The Paramount Theater, Anderson, IndianaWe saw the picture at the beautiful Paramount Theatre in downtown Anderson, Indiana. Unfortunately, we had terrible audio during the movie. Though they indicated that they had done all they could to make the audio work in the room, I am certain that there were several gags that we missed due simply to the lousy audio. The DVD will be a "must-buy" for me when it releases.

Naked Red Riding Hood??Co-director, Cory Edwards

As you can see, they did see fit to cover all of the indecent sculpture in the theater with thematic apparel.

One cool thing about the event (besides the fact that it was completely FREE) was that several of the film-makers were there in person (including director, Cory Edwards - above, right) to introduce, meet & greet, sign autographs, etc. Christy and I were a couple of years behind the Edwards' clan at AU and though we didn't know them, we were familiar with their style of comedy from various skits at variety shows and their aspirations to create film. We are happy to see them achieving their dreams.

We did, however, run into several college friends while we were there. Several of them we hadn't seen in years and it was great to be able to catch up with them a little bit.

All I can say is, if you get a chance to see Hoodwinked, I highly recommend it. If you get a chance to see Hoodwinked for free, in a beautiful 75-year-old theater with several hundred of your closest friends, including the writers and directors, then absolutely don't miss it!!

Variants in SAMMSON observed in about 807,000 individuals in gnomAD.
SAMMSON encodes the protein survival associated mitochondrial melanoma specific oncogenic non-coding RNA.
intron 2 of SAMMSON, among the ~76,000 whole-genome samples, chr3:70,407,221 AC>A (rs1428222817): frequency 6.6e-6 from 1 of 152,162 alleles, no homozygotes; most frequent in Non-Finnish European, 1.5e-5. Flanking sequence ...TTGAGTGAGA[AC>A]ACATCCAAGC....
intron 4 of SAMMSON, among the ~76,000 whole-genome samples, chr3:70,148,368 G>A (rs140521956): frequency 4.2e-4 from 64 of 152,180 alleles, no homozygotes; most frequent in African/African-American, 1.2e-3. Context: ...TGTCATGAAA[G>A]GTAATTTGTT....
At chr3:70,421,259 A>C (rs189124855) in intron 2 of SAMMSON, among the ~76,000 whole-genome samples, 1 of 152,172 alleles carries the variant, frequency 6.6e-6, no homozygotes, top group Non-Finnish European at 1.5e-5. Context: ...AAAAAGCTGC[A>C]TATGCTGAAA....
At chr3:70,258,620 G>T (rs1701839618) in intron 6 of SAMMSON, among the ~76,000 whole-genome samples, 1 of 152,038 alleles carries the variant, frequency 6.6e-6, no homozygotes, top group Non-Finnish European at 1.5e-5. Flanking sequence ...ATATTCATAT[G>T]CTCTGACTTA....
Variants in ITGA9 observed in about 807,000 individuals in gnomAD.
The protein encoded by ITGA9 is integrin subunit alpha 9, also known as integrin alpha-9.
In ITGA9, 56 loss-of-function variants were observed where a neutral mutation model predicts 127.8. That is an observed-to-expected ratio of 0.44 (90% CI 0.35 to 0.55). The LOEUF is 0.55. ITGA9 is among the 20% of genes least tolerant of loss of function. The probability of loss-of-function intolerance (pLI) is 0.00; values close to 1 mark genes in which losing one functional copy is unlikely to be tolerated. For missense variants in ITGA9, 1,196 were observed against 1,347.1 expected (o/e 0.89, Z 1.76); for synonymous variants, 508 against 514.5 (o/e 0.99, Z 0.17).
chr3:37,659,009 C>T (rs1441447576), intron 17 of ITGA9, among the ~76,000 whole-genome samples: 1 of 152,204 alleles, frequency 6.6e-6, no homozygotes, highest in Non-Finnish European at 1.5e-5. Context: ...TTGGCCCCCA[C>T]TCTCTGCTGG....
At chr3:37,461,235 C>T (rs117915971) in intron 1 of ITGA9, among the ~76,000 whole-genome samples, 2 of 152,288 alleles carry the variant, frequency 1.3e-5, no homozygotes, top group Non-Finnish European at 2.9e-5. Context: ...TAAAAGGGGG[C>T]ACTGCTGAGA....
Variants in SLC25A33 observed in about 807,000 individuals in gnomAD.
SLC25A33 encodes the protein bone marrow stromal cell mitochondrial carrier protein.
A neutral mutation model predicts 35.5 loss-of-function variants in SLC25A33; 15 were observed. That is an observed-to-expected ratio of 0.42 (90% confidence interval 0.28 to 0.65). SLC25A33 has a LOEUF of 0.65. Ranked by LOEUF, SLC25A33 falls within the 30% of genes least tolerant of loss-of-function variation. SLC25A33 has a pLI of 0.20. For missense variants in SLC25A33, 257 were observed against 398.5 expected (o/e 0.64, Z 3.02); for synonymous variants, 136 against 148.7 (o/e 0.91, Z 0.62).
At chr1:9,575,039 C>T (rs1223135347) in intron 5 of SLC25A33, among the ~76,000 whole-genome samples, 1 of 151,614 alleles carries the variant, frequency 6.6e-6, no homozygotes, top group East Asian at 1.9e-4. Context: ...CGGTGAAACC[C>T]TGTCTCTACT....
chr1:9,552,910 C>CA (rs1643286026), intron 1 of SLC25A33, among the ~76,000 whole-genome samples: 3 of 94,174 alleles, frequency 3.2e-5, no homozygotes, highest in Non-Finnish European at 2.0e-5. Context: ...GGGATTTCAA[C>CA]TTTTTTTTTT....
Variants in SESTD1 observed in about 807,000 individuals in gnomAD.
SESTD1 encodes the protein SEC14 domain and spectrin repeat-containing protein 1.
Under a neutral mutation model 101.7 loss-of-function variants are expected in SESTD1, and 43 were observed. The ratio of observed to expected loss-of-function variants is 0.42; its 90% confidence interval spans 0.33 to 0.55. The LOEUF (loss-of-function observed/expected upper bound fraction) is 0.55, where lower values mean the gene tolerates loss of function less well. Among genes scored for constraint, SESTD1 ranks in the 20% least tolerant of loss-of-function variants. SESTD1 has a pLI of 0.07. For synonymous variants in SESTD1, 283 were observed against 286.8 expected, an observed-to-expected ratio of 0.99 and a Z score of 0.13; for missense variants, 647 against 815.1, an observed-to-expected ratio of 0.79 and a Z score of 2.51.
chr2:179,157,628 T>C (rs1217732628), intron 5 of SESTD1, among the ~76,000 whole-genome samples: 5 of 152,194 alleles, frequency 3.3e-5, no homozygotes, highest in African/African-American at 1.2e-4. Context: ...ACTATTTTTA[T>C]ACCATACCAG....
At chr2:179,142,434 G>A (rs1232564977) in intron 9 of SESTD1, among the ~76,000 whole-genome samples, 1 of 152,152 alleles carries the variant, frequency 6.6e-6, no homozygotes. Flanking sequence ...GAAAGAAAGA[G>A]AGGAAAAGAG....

Rashômon (1950) dir. by Akira Kurosawa

Daredevil (2003) dir. by Mark Steven Johnson
Worst -- Villains -- Ever

What? a dude named Bull's-Eye with the evil skill of throwing darts and similar sharp objects with generally amazing accuracy? With (what else?) a tattoo of a target on his forehead? Are you kidding me? This guy would better spend his time amazing his buddies playing yard-darts or something. Colin Farrell didn't do the character any favors either. What a pathetic hammy performance. Wow, just, Wow. And then John Coffey from The Green Mile? I thought he was supposed to be nice, let alone, dead! He tried to take it back, but it was too late. Yeah, well, I wish I could have my 133 minutes back, but it's too late for that, too!

Speaking of villains, Ben Affleck was not believable, for me, as a superhero. The film didn't seem to abide by it's own rules. OK -- Daredevil is blind but has his remaining senses miraculously enhanced. OK, but where does it indicate how he got his super strength? What about his apparent ability to defy gravity? I'm usually able to "suspend disbelief" for these types of movies, but this was a stretch for even me. And, for what it's worth, I did watch the supposedly improved Director's cut of the film.